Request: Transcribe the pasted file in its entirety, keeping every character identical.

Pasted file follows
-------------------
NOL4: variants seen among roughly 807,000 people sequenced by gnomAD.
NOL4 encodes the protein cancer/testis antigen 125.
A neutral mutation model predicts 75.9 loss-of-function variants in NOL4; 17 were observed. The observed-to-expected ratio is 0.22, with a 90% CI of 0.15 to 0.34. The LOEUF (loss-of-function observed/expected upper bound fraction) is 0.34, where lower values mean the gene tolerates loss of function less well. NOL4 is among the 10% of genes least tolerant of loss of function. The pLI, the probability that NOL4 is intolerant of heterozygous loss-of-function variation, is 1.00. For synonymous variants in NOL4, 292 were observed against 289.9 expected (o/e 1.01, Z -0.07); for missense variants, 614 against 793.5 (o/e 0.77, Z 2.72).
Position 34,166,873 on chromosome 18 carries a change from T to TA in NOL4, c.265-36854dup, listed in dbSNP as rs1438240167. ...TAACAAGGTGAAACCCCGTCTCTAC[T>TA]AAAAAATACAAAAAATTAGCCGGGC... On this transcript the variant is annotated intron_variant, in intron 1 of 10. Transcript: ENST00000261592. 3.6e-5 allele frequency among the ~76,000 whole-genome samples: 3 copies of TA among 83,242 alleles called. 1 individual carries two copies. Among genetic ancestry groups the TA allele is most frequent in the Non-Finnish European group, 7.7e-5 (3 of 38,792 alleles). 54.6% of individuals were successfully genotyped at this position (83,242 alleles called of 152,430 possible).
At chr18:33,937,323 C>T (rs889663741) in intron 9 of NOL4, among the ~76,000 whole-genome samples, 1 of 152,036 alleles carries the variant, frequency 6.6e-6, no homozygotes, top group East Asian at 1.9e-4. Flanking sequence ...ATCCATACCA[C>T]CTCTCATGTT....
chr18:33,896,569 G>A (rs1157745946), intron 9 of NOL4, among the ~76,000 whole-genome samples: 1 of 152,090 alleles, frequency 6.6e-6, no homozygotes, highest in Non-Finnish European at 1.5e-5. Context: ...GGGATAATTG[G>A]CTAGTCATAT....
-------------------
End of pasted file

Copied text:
NOL4: variants seen among roughly 807,000 people sequenced by gnomAD.
NOL4 encodes the protein cancer/testis antigen 125.
A neutral mutation model predicts 75.9 loss-of-function variants in NOL4; 17 were observed. The observed-to-expected ratio is 0.22, with a 90% CI of 0.15 to 0.34. The LOEUF (loss-of-function observed/expected upper bound fraction) is 0.34, where lower values mean the gene tolerates loss of function less well. NOL4 is among the 10% of genes least tolerant of loss of function. The pLI, the probability that NOL4 is intolerant of heterozygous loss-of-function variation, is 1.00. For synonymous variants in NOL4, 292 were observed against 289.9 expected (o/e 1.01, Z -0.07); for missense variants, 614 against 793.5 (o/e 0.77, Z 2.72).
Position 34,166,873 on chromosome 18 carries a change from T to TA in NOL4, c.265-36854dup, listed in dbSNP as rs1438240167. ...TAACAAGGTGAAACCCCGTCTCTAC[T>TA]AAAAAATACAAAAAATTAGCCGGGC... On this transcript the variant is annotated intron_variant, in intron 1 of 10. Transcript: ENST00000261592. 3.6e-5 allele frequency among the ~76,000 whole-genome samples: 3 copies of TA among 83,242 alleles called. 1 individual carries two copies. Among genetic ancestry groups the TA allele is most frequent in the Non-Finnish European group, 7.7e-5 (3 of 38,792 alleles). 54.6% of individuals were successfully genotyped at this position (83,242 alleles called of 152,430 possible).
At chr18:33,937,323 C>T (rs889663741) in intron 9 of NOL4, among the ~76,000 whole-genome samples, 1 of 152,036 alleles carries the variant, frequency 6.6e-6, no homozygotes, top group East Asian at 1.9e-4. Flanking sequence ...ATCCATACCA[C>T]CTCTCATGTT....
chr18:33,896,569 G>A (rs1157745946), intron 9 of NOL4, among the ~76,000 whole-genome samples: 1 of 152,090 alleles, frequency 6.6e-6, no homozygotes, highest in Non-Finnish European at 1.5e-5. Context: ...GGGATAATTG[G>A]CTAGTCATAT....